DISCUSSION

We previously showed that acute T. cruzi infection in mice causes cardiac lipid accumulation, which in turn promotes mitochondrial oxidative stress and results in cardiac ventricular dilation and dysfunction (Garg et al., 2003; Han and Kaufman, 2016). Other studies have reported that intracellular lipid accumulation results in ER stress and cell death (Jacquemyn et al., 2017). In this study we tested the hypothesis that increased cardiac lipid accumulation may cause ER stress in the myocardium and form a vicious cycle with mitochondrial stress and exacerbate cardiac pathology during chronic infection. The most important findings of this report are (i) T. cruzi infection induces cardiac ER stress and results in ventricular dilation during chronic stages of infection, and (ii) oral feeding of the ER stress inhibitor 2AP to CD mice significantly reduced cardiac inflammation and pathology induced by chronic T. cruzi infection (Fig. 1, 6).

The ER is the main intracellular organelle in the secretory pathway as well as the site of biosynthesis for steroids, cholesterol, and other lipids (Malhotra and Kaufman, 2007). The main function of ER is to carry out appropriate protein folding, assembly, and disulfide bond formation, leading to production of functional, mature proteins in sacs called cisternae and the transport of synthesized proteins in vesicles to the Golgi apparatus. The accumulation of unfolded proteins in the lumen of ER causes ER stress characterized by increasing production of ER molecular chaperones and diminishing global protein synthesis, a process by which ER stress is relieved under physiological conditions (Volmer and Ron, 2015; Rozpedek et al., 2016). Activation of the signaling network in response to ER stress is known as unfolded protein response (UPR). Recent reports have demonstrated that lipids/lipoproteins can also trigger UPR (Gardner et al., 2013). The pathophysiological insults caused by acute T. cruzi infection lead to cardiac accumulation of lipids and unfolded proteins in the ER and result in ER stress. There are three distinct UPR signaling pathways triggered in response to ER stress, which are mediated by PERK, ATF6, and IRE1 (Harding et al., 2000). PERK is the major protein responsible for decreasing the mRNA translation under ER stress, inhibiting influx of newly synthesized proteins into the already stressed ER compartment (B’chir et al., 2013). This translational attenuation is mediated by phosphorylation of eIF2α. The phosphorylation of eIF2α (P-elF2α) inhibits the recycling of eIF2α to its active GTP-bound form, which is required for the initiation phase of polypeptide chain synthesis. Paradoxically, eIF-2α phosphorylation also enhances the autophagy gene transcription signaling inducing cell death (Zhao and Ackerman, 2006). Thus, elevation of PERK-P-elF2α signaling along with the other ER molecular chaperones inhibits global protein synthesis. However, constant inhibition of global protein synthesis might suppress normal cellular functions and cause cell death, and resulting in pathological conditions of the heart in Chagas disease.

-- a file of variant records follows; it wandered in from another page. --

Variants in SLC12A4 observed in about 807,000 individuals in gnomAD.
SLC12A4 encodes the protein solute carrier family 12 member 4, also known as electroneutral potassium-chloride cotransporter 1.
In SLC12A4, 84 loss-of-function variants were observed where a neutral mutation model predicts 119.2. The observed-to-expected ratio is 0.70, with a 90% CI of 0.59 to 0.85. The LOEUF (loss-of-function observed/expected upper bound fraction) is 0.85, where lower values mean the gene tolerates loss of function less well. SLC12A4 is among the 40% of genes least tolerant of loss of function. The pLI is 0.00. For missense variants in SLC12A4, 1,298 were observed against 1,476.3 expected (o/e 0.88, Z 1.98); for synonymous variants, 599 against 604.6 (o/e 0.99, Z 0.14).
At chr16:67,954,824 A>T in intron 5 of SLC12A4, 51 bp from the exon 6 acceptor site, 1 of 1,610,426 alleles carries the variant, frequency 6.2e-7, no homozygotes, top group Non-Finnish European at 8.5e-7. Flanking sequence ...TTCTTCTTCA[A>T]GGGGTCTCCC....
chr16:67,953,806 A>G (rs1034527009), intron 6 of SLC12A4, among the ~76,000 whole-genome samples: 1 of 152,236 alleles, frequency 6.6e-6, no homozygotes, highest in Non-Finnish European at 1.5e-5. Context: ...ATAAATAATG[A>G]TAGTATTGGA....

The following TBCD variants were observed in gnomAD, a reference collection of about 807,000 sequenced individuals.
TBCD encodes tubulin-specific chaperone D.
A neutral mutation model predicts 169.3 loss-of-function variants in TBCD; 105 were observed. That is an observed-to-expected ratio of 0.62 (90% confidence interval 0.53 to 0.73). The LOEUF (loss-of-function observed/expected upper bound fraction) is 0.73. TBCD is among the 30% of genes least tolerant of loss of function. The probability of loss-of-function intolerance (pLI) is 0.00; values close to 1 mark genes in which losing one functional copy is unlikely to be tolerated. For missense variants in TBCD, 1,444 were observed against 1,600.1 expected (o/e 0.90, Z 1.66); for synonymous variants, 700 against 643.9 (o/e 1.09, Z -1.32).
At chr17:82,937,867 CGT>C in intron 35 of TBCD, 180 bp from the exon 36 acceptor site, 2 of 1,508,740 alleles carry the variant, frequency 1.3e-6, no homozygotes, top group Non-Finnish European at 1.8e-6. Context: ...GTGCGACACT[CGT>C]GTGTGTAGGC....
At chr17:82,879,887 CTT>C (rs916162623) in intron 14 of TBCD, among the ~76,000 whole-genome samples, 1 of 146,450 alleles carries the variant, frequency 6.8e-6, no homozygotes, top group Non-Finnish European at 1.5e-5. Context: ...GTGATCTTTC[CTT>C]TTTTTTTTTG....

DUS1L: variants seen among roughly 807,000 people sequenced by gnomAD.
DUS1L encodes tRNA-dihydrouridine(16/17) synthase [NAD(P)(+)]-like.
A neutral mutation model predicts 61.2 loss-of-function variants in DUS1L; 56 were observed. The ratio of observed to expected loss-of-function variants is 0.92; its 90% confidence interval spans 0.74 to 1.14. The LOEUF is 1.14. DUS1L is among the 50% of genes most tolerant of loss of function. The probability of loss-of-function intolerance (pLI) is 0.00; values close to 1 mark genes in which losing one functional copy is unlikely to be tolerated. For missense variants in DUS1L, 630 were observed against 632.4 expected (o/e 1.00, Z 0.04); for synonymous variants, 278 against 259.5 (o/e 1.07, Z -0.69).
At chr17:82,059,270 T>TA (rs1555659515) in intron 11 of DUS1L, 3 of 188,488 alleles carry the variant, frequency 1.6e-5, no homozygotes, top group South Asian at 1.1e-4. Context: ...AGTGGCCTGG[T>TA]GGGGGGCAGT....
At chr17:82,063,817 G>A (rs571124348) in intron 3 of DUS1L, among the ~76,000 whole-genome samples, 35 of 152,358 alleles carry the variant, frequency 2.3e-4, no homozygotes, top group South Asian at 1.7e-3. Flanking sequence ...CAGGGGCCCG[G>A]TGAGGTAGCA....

Reminiscent of our previous studies, histological analysis of the hearts of chronic T. cruzi infected mice demonstrated significantly elevated lipid droplets and infiltrated immune cells (compared to uninfected mice), which could be the main cause of cardiac pathology in the infected mice. Increased cardiac lipid levels might lead to elevated UPR, causing ER stress (Gardner et al., 2013; Zhou et al., 2013). We found that the cardiac ER stress caused by T. cruzi infection upregulates BIP dissociation, resulting in high levels of PERK, phosphorylation of elF2α, ATF4 and chaperone proteins (e.g., CHOP) in the hearts (Fig. 2). We showed myocardial inflammation, apoptosis and fibrosis in the hearts of chronic infected mice, as demonstrated by increased levels of TNFα, apoptotic markers (CHOP and BAK) and collagen levels in the hearts of infected mice at 120 DPI. These findings suggest that increased eIF-2α phosphorylation and its downstream signaling might have enhanced the levels of ER stress chaperones and apoptotic response, and inhibited global protein synthesis leading to the pathological conditions of the chagasic heart.